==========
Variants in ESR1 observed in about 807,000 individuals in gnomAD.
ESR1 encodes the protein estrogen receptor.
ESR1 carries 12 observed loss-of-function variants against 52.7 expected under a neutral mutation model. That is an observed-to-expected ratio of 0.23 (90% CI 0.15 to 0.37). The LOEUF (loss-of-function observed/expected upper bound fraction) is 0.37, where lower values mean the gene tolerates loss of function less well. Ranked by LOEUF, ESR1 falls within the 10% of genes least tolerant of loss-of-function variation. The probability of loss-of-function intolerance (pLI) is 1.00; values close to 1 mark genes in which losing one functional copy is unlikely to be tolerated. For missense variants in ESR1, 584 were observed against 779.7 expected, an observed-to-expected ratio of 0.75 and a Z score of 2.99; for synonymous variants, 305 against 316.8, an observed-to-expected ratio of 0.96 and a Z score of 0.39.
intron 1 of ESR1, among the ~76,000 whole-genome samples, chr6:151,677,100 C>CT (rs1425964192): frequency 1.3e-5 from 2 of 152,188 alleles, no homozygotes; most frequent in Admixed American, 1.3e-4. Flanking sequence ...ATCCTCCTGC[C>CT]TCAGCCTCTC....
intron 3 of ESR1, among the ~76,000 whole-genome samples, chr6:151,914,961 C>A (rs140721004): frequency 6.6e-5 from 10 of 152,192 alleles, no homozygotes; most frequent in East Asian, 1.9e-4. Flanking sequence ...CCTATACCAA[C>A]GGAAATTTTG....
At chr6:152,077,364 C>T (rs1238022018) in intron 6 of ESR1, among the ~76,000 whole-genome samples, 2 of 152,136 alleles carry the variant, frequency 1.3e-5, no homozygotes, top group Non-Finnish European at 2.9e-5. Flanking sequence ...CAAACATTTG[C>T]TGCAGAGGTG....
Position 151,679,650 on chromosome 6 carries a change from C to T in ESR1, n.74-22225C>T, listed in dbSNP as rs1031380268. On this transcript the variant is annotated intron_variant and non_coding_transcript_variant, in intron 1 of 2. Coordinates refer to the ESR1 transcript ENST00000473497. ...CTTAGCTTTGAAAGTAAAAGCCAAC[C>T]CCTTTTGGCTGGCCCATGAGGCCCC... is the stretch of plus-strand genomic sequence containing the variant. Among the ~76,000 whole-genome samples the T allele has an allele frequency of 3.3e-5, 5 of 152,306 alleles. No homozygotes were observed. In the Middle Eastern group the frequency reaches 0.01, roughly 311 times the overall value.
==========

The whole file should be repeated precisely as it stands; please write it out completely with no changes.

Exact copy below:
Variants in ESR1 observed in about 807,000 individuals in gnomAD.
ESR1 encodes the protein estrogen receptor.
ESR1 carries 12 observed loss-of-function variants against 52.7 expected under a neutral mutation model. That is an observed-to-expected ratio of 0.23 (90% CI 0.15 to 0.37). The LOEUF (loss-of-function observed/expected upper bound fraction) is 0.37, where lower values mean the gene tolerates loss of function less well. Ranked by LOEUF, ESR1 falls within the 10% of genes least tolerant of loss-of-function variation. The probability of loss-of-function intolerance (pLI) is 1.00; values close to 1 mark genes in which losing one functional copy is unlikely to be tolerated. For missense variants in ESR1, 584 were observed against 779.7 expected, an observed-to-expected ratio of 0.75 and a Z score of 2.99; for synonymous variants, 305 against 316.8, an observed-to-expected ratio of 0.96 and a Z score of 0.39.
intron 1 of ESR1, among the ~76,000 whole-genome samples, chr6:151,677,100 C>CT (rs1425964192): frequency 1.3e-5 from 2 of 152,188 alleles, no homozygotes; most frequent in Admixed American, 1.3e-4. Flanking sequence ...ATCCTCCTGC[C>CT]TCAGCCTCTC....
intron 3 of ESR1, among the ~76,000 whole-genome samples, chr6:151,914,961 C>A (rs140721004): frequency 6.6e-5 from 10 of 152,192 alleles, no homozygotes; most frequent in East Asian, 1.9e-4. Flanking sequence ...CCTATACCAA[C>A]GGAAATTTTG....
At chr6:152,077,364 C>T (rs1238022018) in intron 6 of ESR1, among the ~76,000 whole-genome samples, 2 of 152,136 alleles carry the variant, frequency 1.3e-5, no homozygotes, top group Non-Finnish European at 2.9e-5. Flanking sequence ...CAAACATTTG[C>T]TGCAGAGGTG....
Position 151,679,650 on chromosome 6 carries a change from C to T in ESR1, n.74-22225C>T, listed in dbSNP as rs1031380268. On this transcript the variant is annotated intron_variant and non_coding_transcript_variant, in intron 1 of 2. Coordinates refer to the ESR1 transcript ENST00000473497. ...CTTAGCTTTGAAAGTAAAAGCCAAC[C>T]CCTTTTGGCTGGCCCATGAGGCCCC... is the stretch of plus-strand genomic sequence containing the variant. Among the ~76,000 whole-genome samples the T allele has an allele frequency of 3.3e-5, 5 of 152,306 alleles. No homozygotes were observed. In the Middle Eastern group the frequency reaches 0.01, roughly 311 times the overall value.